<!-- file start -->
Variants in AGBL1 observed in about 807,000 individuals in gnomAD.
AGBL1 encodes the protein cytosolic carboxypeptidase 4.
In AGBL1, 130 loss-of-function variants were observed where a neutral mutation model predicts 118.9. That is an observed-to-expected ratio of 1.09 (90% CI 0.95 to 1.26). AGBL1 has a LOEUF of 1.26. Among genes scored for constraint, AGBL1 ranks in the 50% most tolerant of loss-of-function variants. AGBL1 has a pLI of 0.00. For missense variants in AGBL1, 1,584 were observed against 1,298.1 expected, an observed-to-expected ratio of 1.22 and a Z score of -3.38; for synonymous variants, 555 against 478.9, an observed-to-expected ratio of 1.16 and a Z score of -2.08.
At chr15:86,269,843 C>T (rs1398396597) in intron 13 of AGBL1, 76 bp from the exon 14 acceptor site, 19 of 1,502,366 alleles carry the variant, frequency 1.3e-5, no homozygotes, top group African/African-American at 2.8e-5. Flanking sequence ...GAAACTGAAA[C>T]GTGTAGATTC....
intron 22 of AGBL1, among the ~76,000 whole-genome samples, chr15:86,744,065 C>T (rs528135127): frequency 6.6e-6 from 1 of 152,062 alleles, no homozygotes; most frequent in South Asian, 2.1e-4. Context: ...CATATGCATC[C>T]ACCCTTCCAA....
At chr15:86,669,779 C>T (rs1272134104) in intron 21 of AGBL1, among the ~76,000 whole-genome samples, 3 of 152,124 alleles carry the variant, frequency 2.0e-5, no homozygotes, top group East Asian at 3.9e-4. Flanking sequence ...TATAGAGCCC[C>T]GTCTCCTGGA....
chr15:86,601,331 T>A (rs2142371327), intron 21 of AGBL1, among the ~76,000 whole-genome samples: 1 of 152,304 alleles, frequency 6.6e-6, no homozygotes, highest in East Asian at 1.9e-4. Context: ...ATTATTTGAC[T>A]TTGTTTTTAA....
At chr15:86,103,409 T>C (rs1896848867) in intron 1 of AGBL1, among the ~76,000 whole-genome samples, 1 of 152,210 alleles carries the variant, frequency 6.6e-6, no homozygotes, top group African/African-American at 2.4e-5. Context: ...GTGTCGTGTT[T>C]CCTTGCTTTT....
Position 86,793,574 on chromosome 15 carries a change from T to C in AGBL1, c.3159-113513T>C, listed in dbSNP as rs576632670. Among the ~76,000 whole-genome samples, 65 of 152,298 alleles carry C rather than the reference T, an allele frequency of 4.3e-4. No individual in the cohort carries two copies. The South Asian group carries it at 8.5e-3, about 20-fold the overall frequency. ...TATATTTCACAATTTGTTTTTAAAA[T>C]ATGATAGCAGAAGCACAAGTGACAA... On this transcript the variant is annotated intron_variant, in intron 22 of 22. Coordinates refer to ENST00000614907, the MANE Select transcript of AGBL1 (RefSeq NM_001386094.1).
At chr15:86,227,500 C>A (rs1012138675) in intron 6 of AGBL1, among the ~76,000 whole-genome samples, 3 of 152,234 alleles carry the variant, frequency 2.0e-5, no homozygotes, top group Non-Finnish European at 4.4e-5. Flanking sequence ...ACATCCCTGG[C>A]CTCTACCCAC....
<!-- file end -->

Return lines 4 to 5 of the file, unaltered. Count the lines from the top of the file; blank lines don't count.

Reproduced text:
At chr15:86,269,843 C>T (rs1398396597) in intron 13 of AGBL1, 76 bp from the exon 14 acceptor site, 19 of 1,502,366 alleles carry the variant, frequency 1.3e-5, no homozygotes, top group African/African-American at 2.8e-5. Flanking sequence ...GAAACTGAAA[C>T]GTGTAGATTC....
intron 22 of AGBL1, among the ~76,000 whole-genome samples, chr15:86,744,065 C>T (rs528135127): frequency 6.6e-6 from 1 of 152,062 alleles, no homozygotes; most frequent in South Asian, 2.1e-4. Context: ...CATATGCATC[C>T]ACCCTTCCAA....